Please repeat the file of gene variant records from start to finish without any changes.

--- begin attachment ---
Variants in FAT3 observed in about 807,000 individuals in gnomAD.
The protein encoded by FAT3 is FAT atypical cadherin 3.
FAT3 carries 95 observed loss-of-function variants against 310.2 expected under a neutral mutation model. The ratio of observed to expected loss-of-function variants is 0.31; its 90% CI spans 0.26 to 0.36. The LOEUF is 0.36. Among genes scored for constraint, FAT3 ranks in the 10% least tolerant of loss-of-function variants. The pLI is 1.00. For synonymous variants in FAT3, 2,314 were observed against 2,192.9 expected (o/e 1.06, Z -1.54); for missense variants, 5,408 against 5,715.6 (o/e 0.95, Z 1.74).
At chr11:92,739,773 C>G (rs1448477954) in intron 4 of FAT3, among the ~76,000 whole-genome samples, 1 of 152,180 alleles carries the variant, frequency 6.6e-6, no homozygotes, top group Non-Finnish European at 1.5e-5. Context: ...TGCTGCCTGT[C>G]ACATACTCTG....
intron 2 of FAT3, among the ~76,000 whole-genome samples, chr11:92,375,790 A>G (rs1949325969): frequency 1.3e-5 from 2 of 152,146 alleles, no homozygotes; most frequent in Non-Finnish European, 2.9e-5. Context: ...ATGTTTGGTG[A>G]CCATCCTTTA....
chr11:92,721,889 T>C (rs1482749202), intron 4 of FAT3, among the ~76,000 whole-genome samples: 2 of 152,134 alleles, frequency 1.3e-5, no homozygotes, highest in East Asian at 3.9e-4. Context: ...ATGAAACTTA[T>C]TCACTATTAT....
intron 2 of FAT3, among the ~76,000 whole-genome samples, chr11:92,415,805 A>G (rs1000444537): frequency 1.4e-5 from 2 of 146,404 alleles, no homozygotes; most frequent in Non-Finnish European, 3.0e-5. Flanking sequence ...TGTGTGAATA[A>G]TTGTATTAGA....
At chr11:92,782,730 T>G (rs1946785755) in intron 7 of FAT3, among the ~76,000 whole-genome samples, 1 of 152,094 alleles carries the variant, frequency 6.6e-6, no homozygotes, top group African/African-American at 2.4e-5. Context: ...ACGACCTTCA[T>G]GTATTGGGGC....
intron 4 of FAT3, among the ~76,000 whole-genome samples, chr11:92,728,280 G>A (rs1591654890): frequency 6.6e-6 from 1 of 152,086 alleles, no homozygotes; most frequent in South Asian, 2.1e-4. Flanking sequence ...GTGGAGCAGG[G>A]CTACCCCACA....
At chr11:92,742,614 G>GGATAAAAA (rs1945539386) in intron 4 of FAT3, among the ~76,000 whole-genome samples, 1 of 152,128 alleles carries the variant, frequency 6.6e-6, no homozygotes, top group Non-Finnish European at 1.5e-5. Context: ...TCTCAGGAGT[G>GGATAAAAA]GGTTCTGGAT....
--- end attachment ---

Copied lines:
Variants in FAT3 observed in about 807,000 individuals in gnomAD.
The protein encoded by FAT3 is FAT atypical cadherin 3.
FAT3 carries 95 observed loss-of-function variants against 310.2 expected under a neutral mutation model. The ratio of observed to expected loss-of-function variants is 0.31; its 90% CI spans 0.26 to 0.36. The LOEUF is 0.36. Among genes scored for constraint, FAT3 ranks in the 10% least tolerant of loss-of-function variants. The pLI is 1.00. For synonymous variants in FAT3, 2,314 were observed against 2,192.9 expected (o/e 1.06, Z -1.54); for missense variants, 5,408 against 5,715.6 (o/e 0.95, Z 1.74).
At chr11:92,739,773 C>G (rs1448477954) in intron 4 of FAT3, among the ~76,000 whole-genome samples, 1 of 152,180 alleles carries the variant, frequency 6.6e-6, no homozygotes, top group Non-Finnish European at 1.5e-5. Context: ...TGCTGCCTGT[C>G]ACATACTCTG....
intron 2 of FAT3, among the ~76,000 whole-genome samples, chr11:92,375,790 A>G (rs1949325969): frequency 1.3e-5 from 2 of 152,146 alleles, no homozygotes; most frequent in Non-Finnish European, 2.9e-5. Context: ...ATGTTTGGTG[A>G]CCATCCTTTA....
chr11:92,721,889 T>C (rs1482749202), intron 4 of FAT3, among the ~76,000 whole-genome samples: 2 of 152,134 alleles, frequency 1.3e-5, no homozygotes, highest in East Asian at 3.9e-4. Context: ...ATGAAACTTA[T>C]TCACTATTAT....
intron 2 of FAT3, among the ~76,000 whole-genome samples, chr11:92,415,805 A>G (rs1000444537): frequency 1.4e-5 from 2 of 146,404 alleles, no homozygotes; most frequent in Non-Finnish European, 3.0e-5. Flanking sequence ...TGTGTGAATA[A>G]TTGTATTAGA....
At chr11:92,782,730 T>G (rs1946785755) in intron 7 of FAT3, among the ~76,000 whole-genome samples, 1 of 152,094 alleles carries the variant, frequency 6.6e-6, no homozygotes, top group African/African-American at 2.4e-5. Context: ...ACGACCTTCA[T>G]GTATTGGGGC....
intron 4 of FAT3, among the ~76,000 whole-genome samples, chr11:92,728,280 G>A (rs1591654890): frequency 6.6e-6 from 1 of 152,086 alleles, no homozygotes; most frequent in South Asian, 2.1e-4. Flanking sequence ...GTGGAGCAGG[G>A]CTACCCCACA....
At chr11:92,742,614 G>GGATAAAAA (rs1945539386) in intron 4 of FAT3, among the ~76,000 whole-genome samples, 1 of 152,128 alleles carries the variant, frequency 6.6e-6, no homozygotes, top group Non-Finnish European at 1.5e-5. Context: ...TCTCAGGAGT[G>GGATAAAAA]GGTTCTGGAT....